Adjustments to social surveys
Wherever possible, household characteristics were drawn from government censuses or large household surveys in which religious identification was measured for every member of the sampled households. For 33 countries and territories, the recent censuses and household surveys do not ask a question on religious affiliation, but data is available from nationally representative modest-sample social surveys that allow for the relevant household estimates – including the Chinese General Social Survey (CGSS), European Social Survey (ESS), U.S. General Social Survey (GSS), Japan General Social Survey (JGSS), Korea General Social Survey (KGSS) and Taiwan Social Change Survey (TSCS). However, these surveys’ sample weights failed to address two related issues in derived results. First, the weighted results show the proportion of one-person households is substantially lower than estimates from official publications for every country except South Korea. Second, the resulting average household sizes are larger than those from official publications for every country except China. Center researchers recognized that the weights for these surveys are not designed to be used in measuring household characteristics, so they adjusted the sample weights in two steps to make the data files more consistent with official estimates.
The social surveys used in this analysis are designed and weighted to be representative of the adult population in their respective countries, and respondent weights reflect the probability that one adult in each household was selected to participate. To calculate estimates for the entire population (including adults and children), the weight for each respondent was divided by the number of adults living in that household. This first adjustment effectively converts the representative sample of adults into a representative sample of households. Dividing the sample weights by the number of adults largely improved the weighted results. However, for the majority of countries, they did not match up to benchmarks. Further, for a few countries, the first-step adjustment of weights seemed to exacerbate the problems. One plausible reason is that small households – one-person households in particular – may be less likely than others to be reached by phone.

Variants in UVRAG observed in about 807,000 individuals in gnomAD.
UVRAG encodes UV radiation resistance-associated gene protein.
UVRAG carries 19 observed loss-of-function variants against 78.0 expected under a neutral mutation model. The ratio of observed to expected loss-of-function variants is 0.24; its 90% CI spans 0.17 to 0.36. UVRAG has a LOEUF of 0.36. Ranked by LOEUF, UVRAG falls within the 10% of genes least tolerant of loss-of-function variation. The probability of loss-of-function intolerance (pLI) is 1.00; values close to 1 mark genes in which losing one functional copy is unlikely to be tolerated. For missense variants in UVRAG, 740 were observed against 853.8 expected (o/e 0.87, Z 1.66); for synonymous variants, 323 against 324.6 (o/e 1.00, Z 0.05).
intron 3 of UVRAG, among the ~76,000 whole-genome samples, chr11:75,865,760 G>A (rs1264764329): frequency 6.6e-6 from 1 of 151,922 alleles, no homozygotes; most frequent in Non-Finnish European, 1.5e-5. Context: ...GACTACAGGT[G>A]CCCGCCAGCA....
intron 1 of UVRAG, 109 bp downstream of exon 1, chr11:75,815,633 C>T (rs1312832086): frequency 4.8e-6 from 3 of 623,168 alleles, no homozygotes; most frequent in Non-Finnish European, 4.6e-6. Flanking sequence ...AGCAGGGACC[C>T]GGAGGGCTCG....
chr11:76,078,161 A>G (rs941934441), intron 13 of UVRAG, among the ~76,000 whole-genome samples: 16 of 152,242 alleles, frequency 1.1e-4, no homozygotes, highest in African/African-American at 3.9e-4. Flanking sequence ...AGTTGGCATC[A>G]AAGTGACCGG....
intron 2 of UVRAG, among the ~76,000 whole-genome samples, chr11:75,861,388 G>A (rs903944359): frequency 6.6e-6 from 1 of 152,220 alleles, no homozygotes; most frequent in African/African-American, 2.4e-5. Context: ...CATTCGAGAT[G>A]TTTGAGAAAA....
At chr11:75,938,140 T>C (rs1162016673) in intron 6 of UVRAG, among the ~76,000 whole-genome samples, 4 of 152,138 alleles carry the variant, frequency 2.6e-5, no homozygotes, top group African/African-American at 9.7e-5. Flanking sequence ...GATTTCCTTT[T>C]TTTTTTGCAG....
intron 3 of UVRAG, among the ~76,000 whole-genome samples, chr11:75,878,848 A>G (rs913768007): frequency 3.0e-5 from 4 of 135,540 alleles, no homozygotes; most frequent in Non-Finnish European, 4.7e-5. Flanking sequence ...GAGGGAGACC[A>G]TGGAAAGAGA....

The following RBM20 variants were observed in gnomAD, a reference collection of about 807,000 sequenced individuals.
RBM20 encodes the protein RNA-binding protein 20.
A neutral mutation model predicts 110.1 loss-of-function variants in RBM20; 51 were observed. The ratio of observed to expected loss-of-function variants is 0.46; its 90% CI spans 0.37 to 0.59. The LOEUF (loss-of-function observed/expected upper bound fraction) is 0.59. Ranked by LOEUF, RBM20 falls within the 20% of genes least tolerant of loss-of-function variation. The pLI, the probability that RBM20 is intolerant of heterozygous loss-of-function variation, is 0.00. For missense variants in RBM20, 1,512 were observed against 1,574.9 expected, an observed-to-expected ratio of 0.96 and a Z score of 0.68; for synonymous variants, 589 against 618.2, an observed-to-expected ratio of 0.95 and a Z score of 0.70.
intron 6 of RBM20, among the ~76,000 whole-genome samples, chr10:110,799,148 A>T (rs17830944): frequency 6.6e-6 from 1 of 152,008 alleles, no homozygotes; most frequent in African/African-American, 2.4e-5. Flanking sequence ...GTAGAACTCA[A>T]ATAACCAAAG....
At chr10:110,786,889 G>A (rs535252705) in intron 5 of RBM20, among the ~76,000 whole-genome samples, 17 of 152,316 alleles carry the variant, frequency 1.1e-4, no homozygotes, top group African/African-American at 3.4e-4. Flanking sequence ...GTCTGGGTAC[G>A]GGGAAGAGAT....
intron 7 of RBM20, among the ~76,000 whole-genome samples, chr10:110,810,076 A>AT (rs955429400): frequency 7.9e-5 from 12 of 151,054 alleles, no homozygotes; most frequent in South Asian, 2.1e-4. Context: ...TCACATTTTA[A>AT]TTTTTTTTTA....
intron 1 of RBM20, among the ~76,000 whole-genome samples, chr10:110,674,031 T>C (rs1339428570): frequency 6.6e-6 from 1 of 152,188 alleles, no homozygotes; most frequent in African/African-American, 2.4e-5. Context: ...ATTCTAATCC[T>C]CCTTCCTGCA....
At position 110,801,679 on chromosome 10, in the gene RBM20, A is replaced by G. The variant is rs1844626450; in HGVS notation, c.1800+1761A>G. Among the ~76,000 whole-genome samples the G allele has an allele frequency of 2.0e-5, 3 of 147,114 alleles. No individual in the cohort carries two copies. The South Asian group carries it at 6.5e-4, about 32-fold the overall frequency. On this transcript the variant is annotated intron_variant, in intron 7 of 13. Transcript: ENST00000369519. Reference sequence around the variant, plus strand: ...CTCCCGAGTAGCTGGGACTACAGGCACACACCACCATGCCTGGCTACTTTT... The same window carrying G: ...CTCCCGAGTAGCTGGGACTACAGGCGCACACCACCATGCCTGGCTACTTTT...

Since inconsistencies with benchmarks persisted after the first-step adjustment, weights were raked to household size data from official government statistics, which separately enumerate one-person, two-person, three-person, four-person and five-and-more-person households. The table below – which compares derived results using original survey sample weights and adjusted weights with the official data – shows that using the adjusted weights improved the accuracy of the computation. Estimates for individuals were then produced by combining these household-level weights with information on the total number of adults and children living in each household.
Weights in computing global and regional household characteristics
Pew Research Center used national-level results to calculate regional and global distributions. Household populations (overall and by religion) were applied as country-level weights in deriving data on personal living arrangements in each region and around the world. The estimates of the 2015 size of religious groups at the country level are from the demographic projections by Pew Research Center, which include the household and non-household populations (for example, people living in institutions). To adjust for the fact that homeless individuals and residents of institutions are not included in this study, the population of each country was reduced by 3%. This figure is based on available information from the U.S., the UK and Canada. While it is possible that these relatively wealthy Western countries have higher-than-average shares of people living in non-households, corresponding figures on the precise size of non-household populations are not readily available for all countries in this study. This population adjustment was applied only at the country level, without further adjustments for any potential religious or other differences between household and non-household populations.